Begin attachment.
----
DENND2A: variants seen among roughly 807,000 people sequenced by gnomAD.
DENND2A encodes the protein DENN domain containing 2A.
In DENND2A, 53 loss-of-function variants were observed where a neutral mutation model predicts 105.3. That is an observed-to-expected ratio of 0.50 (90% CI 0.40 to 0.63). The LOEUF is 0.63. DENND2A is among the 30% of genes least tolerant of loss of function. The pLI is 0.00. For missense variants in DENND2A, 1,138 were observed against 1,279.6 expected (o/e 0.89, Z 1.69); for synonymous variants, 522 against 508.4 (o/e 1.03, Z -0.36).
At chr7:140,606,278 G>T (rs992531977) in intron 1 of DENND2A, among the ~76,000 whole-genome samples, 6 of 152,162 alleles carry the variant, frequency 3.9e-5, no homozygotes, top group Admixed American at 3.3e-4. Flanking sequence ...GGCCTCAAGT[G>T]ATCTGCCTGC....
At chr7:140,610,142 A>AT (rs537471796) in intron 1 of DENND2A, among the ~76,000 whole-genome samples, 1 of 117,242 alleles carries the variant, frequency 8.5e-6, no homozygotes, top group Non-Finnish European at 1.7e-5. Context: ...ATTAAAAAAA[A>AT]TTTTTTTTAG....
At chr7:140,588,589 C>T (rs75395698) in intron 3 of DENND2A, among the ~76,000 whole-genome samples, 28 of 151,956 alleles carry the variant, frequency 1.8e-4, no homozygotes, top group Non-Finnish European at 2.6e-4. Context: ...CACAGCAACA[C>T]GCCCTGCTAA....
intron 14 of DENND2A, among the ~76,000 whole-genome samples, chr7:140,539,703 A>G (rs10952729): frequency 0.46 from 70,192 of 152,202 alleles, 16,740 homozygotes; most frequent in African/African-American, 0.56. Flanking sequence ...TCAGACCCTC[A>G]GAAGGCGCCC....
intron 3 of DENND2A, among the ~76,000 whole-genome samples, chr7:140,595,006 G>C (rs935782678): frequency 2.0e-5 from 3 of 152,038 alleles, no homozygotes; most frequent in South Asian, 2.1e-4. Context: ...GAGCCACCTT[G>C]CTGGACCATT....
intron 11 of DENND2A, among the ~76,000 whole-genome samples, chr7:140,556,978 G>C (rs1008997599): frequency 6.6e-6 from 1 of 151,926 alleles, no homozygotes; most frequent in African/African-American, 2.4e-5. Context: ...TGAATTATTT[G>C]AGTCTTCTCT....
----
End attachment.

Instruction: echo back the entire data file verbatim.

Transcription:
DENND2A: variants seen among roughly 807,000 people sequenced by gnomAD.
DENND2A encodes the protein DENN domain containing 2A.
In DENND2A, 53 loss-of-function variants were observed where a neutral mutation model predicts 105.3. That is an observed-to-expected ratio of 0.50 (90% CI 0.40 to 0.63). The LOEUF is 0.63. DENND2A is among the 30% of genes least tolerant of loss of function. The pLI is 0.00. For missense variants in DENND2A, 1,138 were observed against 1,279.6 expected (o/e 0.89, Z 1.69); for synonymous variants, 522 against 508.4 (o/e 1.03, Z -0.36).
At chr7:140,606,278 G>T (rs992531977) in intron 1 of DENND2A, among the ~76,000 whole-genome samples, 6 of 152,162 alleles carry the variant, frequency 3.9e-5, no homozygotes, top group Admixed American at 3.3e-4. Flanking sequence ...GGCCTCAAGT[G>T]ATCTGCCTGC....
At chr7:140,610,142 A>AT (rs537471796) in intron 1 of DENND2A, among the ~76,000 whole-genome samples, 1 of 117,242 alleles carries the variant, frequency 8.5e-6, no homozygotes, top group Non-Finnish European at 1.7e-5. Context: ...ATTAAAAAAA[A>AT]TTTTTTTTAG....
At chr7:140,588,589 C>T (rs75395698) in intron 3 of DENND2A, among the ~76,000 whole-genome samples, 28 of 151,956 alleles carry the variant, frequency 1.8e-4, no homozygotes, top group Non-Finnish European at 2.6e-4. Context: ...CACAGCAACA[C>T]GCCCTGCTAA....
intron 14 of DENND2A, among the ~76,000 whole-genome samples, chr7:140,539,703 A>G (rs10952729): frequency 0.46 from 70,192 of 152,202 alleles, 16,740 homozygotes; most frequent in African/African-American, 0.56. Flanking sequence ...TCAGACCCTC[A>G]GAAGGCGCCC....
intron 3 of DENND2A, among the ~76,000 whole-genome samples, chr7:140,595,006 G>C (rs935782678): frequency 2.0e-5 from 3 of 152,038 alleles, no homozygotes; most frequent in South Asian, 2.1e-4. Context: ...GAGCCACCTT[G>C]CTGGACCATT....
intron 11 of DENND2A, among the ~76,000 whole-genome samples, chr7:140,556,978 G>C (rs1008997599): frequency 6.6e-6 from 1 of 151,926 alleles, no homozygotes; most frequent in African/African-American, 2.4e-5. Context: ...TGAATTATTT[G>C]AGTCTTCTCT....